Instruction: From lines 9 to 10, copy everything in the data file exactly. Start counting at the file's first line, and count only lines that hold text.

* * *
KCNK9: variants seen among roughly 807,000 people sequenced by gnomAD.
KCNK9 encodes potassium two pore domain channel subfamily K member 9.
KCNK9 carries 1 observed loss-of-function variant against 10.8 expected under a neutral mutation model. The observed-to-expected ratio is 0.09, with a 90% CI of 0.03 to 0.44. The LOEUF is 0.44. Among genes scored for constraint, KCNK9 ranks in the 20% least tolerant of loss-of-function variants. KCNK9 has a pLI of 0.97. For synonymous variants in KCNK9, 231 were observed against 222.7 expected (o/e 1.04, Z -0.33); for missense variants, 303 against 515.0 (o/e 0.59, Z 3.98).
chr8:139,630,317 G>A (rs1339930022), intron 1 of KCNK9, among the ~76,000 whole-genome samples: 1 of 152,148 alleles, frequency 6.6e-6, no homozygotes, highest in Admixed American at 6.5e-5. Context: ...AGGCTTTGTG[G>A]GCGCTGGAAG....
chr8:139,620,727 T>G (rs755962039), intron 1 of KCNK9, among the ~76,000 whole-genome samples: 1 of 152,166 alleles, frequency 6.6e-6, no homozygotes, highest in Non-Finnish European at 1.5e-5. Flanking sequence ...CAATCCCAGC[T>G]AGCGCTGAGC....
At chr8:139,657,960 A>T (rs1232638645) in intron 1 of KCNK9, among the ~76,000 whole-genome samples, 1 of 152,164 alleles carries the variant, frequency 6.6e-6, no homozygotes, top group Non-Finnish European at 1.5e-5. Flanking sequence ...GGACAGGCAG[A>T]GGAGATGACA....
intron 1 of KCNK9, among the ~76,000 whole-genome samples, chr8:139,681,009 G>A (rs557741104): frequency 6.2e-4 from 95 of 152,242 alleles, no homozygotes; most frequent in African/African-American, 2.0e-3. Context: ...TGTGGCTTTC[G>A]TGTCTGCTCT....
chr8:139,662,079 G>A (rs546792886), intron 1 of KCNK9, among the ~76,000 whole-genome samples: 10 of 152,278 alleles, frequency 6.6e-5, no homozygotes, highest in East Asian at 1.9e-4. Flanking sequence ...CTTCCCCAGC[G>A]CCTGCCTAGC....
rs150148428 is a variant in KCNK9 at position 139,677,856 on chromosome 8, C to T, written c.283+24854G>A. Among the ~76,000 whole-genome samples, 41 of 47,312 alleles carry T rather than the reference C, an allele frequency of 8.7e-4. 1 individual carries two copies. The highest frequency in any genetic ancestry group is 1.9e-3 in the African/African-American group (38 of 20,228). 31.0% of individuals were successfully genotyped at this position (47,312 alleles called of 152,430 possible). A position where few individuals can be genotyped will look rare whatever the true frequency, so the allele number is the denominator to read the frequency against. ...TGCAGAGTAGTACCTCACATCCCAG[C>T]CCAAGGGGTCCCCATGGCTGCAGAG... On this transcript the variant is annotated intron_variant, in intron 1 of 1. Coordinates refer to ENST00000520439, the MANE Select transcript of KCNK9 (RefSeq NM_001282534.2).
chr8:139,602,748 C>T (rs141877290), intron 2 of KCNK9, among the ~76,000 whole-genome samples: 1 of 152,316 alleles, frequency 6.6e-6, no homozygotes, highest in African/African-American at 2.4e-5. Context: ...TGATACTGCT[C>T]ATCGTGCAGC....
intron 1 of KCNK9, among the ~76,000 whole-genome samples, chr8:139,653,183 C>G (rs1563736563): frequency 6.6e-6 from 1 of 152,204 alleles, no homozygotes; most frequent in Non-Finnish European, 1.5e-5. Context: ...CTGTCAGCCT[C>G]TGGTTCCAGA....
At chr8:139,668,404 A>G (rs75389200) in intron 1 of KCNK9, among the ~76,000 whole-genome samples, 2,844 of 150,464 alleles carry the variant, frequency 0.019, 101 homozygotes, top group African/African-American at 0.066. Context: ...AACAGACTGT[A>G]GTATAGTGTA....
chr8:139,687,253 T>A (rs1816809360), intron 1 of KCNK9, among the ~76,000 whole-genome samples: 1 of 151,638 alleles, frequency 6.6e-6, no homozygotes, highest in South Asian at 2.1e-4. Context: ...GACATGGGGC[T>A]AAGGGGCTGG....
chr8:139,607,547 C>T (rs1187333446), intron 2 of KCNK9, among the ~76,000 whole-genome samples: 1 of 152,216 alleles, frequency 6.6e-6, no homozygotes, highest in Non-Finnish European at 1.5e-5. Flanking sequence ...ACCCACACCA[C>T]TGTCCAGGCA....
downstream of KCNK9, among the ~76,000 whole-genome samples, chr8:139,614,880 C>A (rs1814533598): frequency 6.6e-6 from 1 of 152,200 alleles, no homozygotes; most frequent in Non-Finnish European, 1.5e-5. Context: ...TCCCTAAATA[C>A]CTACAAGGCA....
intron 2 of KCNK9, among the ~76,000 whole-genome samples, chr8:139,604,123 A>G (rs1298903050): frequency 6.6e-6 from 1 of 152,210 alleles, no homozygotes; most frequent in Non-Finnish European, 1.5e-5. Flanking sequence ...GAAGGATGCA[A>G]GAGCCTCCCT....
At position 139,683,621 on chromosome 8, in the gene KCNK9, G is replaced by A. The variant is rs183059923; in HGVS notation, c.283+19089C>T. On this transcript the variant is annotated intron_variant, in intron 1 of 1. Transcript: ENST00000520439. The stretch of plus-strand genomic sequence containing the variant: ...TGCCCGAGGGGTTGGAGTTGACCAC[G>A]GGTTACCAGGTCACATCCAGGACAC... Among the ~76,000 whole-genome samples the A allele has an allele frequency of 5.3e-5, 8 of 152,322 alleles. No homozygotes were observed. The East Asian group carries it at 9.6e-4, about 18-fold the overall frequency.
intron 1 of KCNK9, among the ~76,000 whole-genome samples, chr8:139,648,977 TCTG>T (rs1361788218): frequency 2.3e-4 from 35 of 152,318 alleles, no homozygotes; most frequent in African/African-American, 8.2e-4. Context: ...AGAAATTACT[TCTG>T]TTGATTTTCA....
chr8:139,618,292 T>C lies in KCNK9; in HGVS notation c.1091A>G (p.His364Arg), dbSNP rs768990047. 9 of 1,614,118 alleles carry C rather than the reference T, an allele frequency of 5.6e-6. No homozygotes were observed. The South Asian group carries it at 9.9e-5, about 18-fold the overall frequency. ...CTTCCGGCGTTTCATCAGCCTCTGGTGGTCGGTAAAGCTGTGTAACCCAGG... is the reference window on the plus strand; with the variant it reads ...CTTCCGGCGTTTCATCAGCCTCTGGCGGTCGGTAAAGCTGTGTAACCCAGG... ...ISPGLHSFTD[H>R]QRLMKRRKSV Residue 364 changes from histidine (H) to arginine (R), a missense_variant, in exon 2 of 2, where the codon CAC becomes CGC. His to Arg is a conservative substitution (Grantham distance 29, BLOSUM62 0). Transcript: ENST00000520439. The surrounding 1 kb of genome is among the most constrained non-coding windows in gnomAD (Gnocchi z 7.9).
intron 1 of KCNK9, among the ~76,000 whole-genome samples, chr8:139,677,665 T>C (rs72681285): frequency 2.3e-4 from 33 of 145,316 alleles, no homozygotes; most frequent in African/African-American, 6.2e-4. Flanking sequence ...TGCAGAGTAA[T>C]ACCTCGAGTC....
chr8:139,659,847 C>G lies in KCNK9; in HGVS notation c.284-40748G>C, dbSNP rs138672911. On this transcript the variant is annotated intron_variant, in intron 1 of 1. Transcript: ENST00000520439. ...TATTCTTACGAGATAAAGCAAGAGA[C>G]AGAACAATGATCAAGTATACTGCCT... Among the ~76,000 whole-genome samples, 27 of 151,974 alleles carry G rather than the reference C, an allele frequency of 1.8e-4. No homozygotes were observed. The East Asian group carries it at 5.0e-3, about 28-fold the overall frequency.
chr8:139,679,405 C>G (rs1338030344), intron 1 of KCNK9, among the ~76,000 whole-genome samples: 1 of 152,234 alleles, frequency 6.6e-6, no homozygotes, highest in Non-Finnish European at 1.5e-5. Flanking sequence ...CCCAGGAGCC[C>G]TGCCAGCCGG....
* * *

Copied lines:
rs150148428 is a variant in KCNK9 at position 139,677,856 on chromosome 8, C to T, written c.283+24854G>A. Among the ~76,000 whole-genome samples, 41 of 47,312 alleles carry T rather than the reference C, an allele frequency of 8.7e-4. 1 individual carries two copies. The highest frequency in any genetic ancestry group is 1.9e-3 in the African/African-American group (38 of 20,228). 31.0% of individuals were successfully genotyped at this position (47,312 alleles called of 152,430 possible). A position where few individuals can be genotyped will look rare whatever the true frequency, so the allele number is the denominator to read the frequency against. ...TGCAGAGTAGTACCTCACATCCCAG[C>T]CCAAGGGGTCCCCATGGCTGCAGAG... On this transcript the variant is annotated intron_variant, in intron 1 of 1. Coordinates refer to ENST00000520439, the MANE Select transcript of KCNK9 (RefSeq NM_001282534.2).
chr8:139,602,748 C>T (rs141877290), intron 2 of KCNK9, among the ~76,000 whole-genome samples: 1 of 152,316 alleles, frequency 6.6e-6, no homozygotes, highest in African/African-American at 2.4e-5. Context: ...TGATACTGCT[C>T]ATCGTGCAGC....